Singapore to begin importing chicken eggs from Brunei in bid to diversify food source
Singapore will begin importing chicken eggs from Brunei, the Singapore Food Agency (SFA) said on Tuesday (Dec 13).
This follows Minister for Sustainability and the Environment Grace Fu's visit to an egg farm in Brunei, where she announced that SFA has accredited the country as a new source of egg exports.
This brings the number of countries and regions accredited to export "hen shell eggs" to Singapore to 17, up from 12 in 2019, said the agency.
"The accreditation of Brunei as a new country source for eggs is another step towards augmenting food cooperation between both countries, as Brunei looks to produce eggs for export while Singapore diversifies its egg import sources further," said SFA.
Ms Fu visited Golden Chick Livestock Farm in Brunei on Tuesday, at the start of her three-day official visit to the country. It is the first Bruneian farm to export eggs to Singapore.
She is also in Brunei to discuss and strengthen agri-food, environmental, water resource management and climate change cooperation between the two countries.
"We hope that this accreditation will see new markets for the agri-tech industry in Brunei," said Ms Fu, noting the increased business for the country's farms.
70% OF SINGAPORE'S EGGS IMPORTED
Currently, imports account for about 70 per cent of Singapore's egg supply.
Local egg production currently contributes to about 30 per cent of Singapore's total egg consumption and complements efforts on import source diversification, said SFA.
"Efforts to diversify the nation’s egg supply over the past three years have helped us to withstand supply disruptions arising from unexpected events due to disease issues and geopolitical tensions and ensured a stable supply of eggs in Singapore."
The agency added that the upcoming development of Singapore's fourth egg farm will further strengthen the resilience of the country's local egg supply. When it is fully operational, Singapore's local egg farms will meet about 50 per cent of the country’s egg demand.
It will also contribute towards Singapore’s 30-by-30 goal to build the agri-food industry’s capability and capacity to sustainably produce 30 per cent of Singapore’s nutritional needs by 2030.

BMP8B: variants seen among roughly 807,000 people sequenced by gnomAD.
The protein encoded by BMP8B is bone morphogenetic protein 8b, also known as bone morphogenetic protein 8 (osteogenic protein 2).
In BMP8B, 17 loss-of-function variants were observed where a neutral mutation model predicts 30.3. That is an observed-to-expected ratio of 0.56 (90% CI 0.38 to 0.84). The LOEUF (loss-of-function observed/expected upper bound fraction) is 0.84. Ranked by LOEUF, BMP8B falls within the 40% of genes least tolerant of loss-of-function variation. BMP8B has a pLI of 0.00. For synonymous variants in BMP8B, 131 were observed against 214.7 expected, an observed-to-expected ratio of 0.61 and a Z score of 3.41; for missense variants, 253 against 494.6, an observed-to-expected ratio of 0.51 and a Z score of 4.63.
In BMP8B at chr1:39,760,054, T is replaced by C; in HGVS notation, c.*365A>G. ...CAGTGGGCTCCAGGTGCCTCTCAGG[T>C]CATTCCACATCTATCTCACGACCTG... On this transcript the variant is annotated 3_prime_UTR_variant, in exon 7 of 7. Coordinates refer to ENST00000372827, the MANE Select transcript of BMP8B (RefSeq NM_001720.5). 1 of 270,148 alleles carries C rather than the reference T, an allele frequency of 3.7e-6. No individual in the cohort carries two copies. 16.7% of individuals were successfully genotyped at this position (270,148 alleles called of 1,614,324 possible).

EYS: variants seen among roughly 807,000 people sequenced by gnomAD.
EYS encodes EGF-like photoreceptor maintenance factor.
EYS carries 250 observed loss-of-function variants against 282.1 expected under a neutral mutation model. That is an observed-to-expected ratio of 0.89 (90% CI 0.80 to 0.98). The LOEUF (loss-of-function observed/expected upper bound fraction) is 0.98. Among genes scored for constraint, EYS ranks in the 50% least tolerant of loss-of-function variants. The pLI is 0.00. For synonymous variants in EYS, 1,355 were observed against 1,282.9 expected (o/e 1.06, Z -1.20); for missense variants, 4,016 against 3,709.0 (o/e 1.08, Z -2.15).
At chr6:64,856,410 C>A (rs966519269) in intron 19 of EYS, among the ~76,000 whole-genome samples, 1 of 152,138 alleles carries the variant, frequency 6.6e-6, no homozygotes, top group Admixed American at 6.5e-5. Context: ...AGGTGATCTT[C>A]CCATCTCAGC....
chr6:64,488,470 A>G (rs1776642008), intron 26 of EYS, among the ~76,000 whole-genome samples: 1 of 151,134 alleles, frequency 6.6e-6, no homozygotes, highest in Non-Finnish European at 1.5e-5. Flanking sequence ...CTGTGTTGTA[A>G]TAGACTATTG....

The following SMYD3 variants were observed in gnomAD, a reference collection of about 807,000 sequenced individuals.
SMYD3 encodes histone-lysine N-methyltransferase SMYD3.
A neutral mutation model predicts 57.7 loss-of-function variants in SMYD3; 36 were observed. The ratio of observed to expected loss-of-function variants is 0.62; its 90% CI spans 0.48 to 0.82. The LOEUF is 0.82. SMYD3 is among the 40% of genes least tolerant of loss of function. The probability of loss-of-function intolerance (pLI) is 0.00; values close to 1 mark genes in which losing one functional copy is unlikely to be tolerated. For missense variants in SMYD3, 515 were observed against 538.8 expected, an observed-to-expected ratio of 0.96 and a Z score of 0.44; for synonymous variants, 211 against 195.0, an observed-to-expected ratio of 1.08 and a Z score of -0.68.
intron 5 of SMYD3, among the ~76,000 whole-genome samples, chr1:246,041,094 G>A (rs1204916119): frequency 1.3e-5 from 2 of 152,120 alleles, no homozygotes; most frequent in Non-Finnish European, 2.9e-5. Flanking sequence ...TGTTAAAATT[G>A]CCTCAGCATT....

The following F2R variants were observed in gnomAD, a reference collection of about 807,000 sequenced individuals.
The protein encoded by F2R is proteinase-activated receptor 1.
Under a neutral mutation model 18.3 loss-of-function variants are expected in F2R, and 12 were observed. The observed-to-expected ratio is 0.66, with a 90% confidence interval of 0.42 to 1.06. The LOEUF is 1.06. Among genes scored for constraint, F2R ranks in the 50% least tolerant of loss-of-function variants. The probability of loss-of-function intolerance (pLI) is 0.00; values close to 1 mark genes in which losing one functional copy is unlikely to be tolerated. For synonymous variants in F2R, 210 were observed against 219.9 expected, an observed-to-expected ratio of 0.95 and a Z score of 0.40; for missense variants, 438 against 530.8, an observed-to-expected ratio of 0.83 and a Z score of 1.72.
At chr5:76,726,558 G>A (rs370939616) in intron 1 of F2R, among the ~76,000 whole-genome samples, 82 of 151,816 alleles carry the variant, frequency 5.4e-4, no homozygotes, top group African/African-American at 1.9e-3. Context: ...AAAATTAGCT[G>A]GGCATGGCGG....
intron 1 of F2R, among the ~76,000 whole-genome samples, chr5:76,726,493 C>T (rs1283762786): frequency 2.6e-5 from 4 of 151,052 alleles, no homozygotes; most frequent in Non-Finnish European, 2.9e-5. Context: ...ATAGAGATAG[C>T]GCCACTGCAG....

Eggs imported into Singapore must come from accredited sources that meet SFA’s strict food safety and animal health standards. This involves two main stages:
Accreditation of the country of export
- The agency assesses the exporting country’s disease freedom status, veterinary services, legislation, animal disease status and control measures. It also looks at national residue and microbiological monitoring programmes, as well as the regulatory system for the production of the export products to Singapore.
- For example, eggs and poultry can only be imported from Avian Influenza (bird-flu) free areas. This assessment is done in collaboration with the Animal & Veterinary Service, a cluster of the National Parks Board.
Accreditation of the export farm or establishment
- Farms and food establishments are also assessed by SFA to ensure that they meet food safety standards and animal health requirements.
- Farms and food establishments are required to submit information on how they ensure that products exported to Singapore meet SFA’s requirements and standards. These include information such as their animal health and food safety management programmes, biosecurity/hygiene and sanitation procedures, and their traceability systems.
- SFA also takes into account good agriculture practices and good manufacturing practices when approving sources. An inspection trip may be conducted to validate the country’s system and standards of the individual export farms and establishments.
Upon approval, imported food from the accredited sources will be subjected to SFA’s inspection at the point of import and testing. Egg and egg products that do not meet SFA’s food safety standards will not be allowed to enter the market.
(Dec. 13, 2022). Singapore to begin importing chicken eggs from Brunei in bid to diversify food source. today